Sultan’s Palaces and Old City Walls
Adjacent to the Hagia Sofia and Blue Mosque is the Istanbul Archaeological Museum and Topkapi Palace. Step into the ancient world before it was Istanbul, or even Constantinople. The collection includes artifacts from the ancient Sumerians, Assyrians, Hittites, Greeks, and Romans.
Take a self-guided tour through the spectacular architecture of the 15th century architect, Sinan. This magnificent Ottoman palace is awash with golden Arabic script, expertly painted tiles, and brightly stained glass. Every room is covered floor to ceiling with elaborate tiles painted with traditional Ottoman motifs like stylized tulips and leaves, geometric designs, and stars.
Break for lunch at a nearby café, and treat yourself like a sultan. Kick your shoes off and idle away the afternoon on a pile of pillows, puffing on a nargile (water pipe). If you need a kick, order a strong, silty Turkish coffee; for the less adventurous, stick to the tried and true Turkish Black tea and sugar. Listen as the traditional Turkish melodies from an old bağlama player waft through the café.
During the evening, head to Galata Dervish Monastery to witness the spiritual Sema ceremony. Sufis, commonly known as “Whirling Dervishes,” subscribe to a more mystical side of the Islamic faith, a sect that is known to express their ecstatic love for God through ethereal music, dance, and poetry. The Sema is a 7-century old ritual where worshippers spin in a kind of trance state and is meant to represent the spiritual journey, revolving in harmony with all things.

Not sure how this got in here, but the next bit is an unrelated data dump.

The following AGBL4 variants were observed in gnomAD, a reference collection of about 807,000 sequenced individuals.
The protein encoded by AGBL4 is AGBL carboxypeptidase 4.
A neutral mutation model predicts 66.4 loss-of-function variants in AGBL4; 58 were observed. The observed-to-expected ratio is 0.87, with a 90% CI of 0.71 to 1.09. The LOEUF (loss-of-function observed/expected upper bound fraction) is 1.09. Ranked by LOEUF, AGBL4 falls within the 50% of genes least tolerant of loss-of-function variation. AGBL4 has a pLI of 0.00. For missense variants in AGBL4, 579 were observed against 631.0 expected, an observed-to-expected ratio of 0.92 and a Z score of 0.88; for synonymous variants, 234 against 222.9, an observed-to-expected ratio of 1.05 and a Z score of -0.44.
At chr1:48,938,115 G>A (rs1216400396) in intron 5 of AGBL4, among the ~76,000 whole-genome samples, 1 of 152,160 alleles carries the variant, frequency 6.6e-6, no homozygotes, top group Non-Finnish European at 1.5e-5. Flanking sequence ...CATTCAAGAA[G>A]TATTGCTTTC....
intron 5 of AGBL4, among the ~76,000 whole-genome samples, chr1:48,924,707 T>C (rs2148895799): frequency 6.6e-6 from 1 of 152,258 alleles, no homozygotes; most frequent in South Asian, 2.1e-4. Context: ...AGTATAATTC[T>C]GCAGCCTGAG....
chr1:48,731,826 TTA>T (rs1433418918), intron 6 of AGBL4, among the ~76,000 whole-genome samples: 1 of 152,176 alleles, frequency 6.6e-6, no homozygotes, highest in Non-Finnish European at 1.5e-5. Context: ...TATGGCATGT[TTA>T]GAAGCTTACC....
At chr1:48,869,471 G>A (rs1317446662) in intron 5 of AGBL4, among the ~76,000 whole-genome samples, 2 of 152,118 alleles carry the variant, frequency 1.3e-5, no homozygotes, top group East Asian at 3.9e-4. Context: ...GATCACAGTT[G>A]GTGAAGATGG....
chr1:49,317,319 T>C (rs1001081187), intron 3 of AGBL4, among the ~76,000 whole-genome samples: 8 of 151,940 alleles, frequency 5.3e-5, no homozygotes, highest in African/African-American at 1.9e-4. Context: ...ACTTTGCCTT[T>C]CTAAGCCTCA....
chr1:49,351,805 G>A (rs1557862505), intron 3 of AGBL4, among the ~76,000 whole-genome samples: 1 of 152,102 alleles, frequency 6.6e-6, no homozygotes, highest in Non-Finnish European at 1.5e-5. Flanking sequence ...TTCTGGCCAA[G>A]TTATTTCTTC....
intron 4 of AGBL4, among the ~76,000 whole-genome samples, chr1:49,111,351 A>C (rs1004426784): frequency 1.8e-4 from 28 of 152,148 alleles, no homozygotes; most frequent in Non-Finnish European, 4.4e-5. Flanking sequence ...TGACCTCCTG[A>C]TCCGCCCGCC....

Treasures of the Grand Bazaar
On the other side of Old Town, you can spend hours getting lost in the infamous Grand Bazaar. As soon as you step through this nondescript entryway, you find yourself in a labyrinth of colorful wares and energetic salesmen. With hundreds of silk scarves stacked to the ceiling, hand painted ceramics, vintage jewelry, hanging glass lanterns, and stunning carpets, it is an Orientalist's dream. The sheer size of this marketplace is overwhelming. With its many twists and turns of alleyways, you could easily spend hours browsing through the selections, while you are treated to the standard complimentary apple tea and chatted up by a shopkeeper.
Meander through the side alleys around the Grand Bazaar and make your way to towards the Eminonu district and the Bosphorous Strait. Duck into the arches that house the Spice Market and your nose will be greeted by scents of exotic spices, tea, and fresh sweets. Be sure to try the lokum, or Turkish Delight which comes in so many flavors, from mint, to rolled in rose petals, or sprinkled with saffron.
When you’ve had your fill of baklava and lokum, take a rest at any of the beautiful mosques in the area. New Mosque (Yeni Cami), Rustem Pasa Mosque, and the Mosque of Soleyman the Magnificient all make for quiet and peaceful refuges from the busyness of the markets.